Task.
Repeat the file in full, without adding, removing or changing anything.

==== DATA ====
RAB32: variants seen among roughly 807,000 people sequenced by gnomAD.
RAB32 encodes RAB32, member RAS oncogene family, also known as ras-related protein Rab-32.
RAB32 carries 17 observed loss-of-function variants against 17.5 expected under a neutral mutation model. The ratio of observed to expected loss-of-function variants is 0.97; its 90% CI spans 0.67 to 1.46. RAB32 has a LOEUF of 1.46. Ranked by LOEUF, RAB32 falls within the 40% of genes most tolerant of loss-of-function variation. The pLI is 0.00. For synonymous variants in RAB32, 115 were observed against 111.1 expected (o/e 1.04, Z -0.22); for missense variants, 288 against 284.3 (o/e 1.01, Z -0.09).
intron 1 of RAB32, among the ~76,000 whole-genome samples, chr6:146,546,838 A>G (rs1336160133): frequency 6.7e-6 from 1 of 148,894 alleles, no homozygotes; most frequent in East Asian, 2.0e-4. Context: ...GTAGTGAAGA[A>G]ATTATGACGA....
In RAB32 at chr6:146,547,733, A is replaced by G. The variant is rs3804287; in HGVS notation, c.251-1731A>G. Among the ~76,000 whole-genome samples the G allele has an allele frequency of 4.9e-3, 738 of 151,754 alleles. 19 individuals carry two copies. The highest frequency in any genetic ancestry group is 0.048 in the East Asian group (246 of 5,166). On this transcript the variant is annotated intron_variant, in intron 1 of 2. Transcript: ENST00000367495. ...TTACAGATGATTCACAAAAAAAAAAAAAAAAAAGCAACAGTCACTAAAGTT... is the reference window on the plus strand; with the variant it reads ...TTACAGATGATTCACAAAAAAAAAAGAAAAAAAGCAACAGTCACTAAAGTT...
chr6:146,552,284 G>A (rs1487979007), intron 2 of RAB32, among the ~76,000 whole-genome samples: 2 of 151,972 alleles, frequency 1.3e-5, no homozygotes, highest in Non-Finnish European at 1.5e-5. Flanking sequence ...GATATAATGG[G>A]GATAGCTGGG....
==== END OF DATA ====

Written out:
RAB32: variants seen among roughly 807,000 people sequenced by gnomAD.
RAB32 encodes RAB32, member RAS oncogene family, also known as ras-related protein Rab-32.
RAB32 carries 17 observed loss-of-function variants against 17.5 expected under a neutral mutation model. The ratio of observed to expected loss-of-function variants is 0.97; its 90% CI spans 0.67 to 1.46. RAB32 has a LOEUF of 1.46. Ranked by LOEUF, RAB32 falls within the 40% of genes most tolerant of loss-of-function variation. The pLI is 0.00. For synonymous variants in RAB32, 115 were observed against 111.1 expected (o/e 1.04, Z -0.22); for missense variants, 288 against 284.3 (o/e 1.01, Z -0.09).
intron 1 of RAB32, among the ~76,000 whole-genome samples, chr6:146,546,838 A>G (rs1336160133): frequency 6.7e-6 from 1 of 148,894 alleles, no homozygotes; most frequent in East Asian, 2.0e-4. Context: ...GTAGTGAAGA[A>G]ATTATGACGA....
In RAB32 at chr6:146,547,733, A is replaced by G. The variant is rs3804287; in HGVS notation, c.251-1731A>G. Among the ~76,000 whole-genome samples the G allele has an allele frequency of 4.9e-3, 738 of 151,754 alleles. 19 individuals carry two copies. The highest frequency in any genetic ancestry group is 0.048 in the East Asian group (246 of 5,166). On this transcript the variant is annotated intron_variant, in intron 1 of 2. Transcript: ENST00000367495. ...TTACAGATGATTCACAAAAAAAAAAAAAAAAAAGCAACAGTCACTAAAGTT... is the reference window on the plus strand; with the variant it reads ...TTACAGATGATTCACAAAAAAAAAAGAAAAAAAGCAACAGTCACTAAAGTT...
chr6:146,552,284 G>A (rs1487979007), intron 2 of RAB32, among the ~76,000 whole-genome samples: 2 of 151,972 alleles, frequency 1.3e-5, no homozygotes, highest in Non-Finnish European at 1.5e-5. Flanking sequence ...GATATAATGG[G>A]GATAGCTGGG....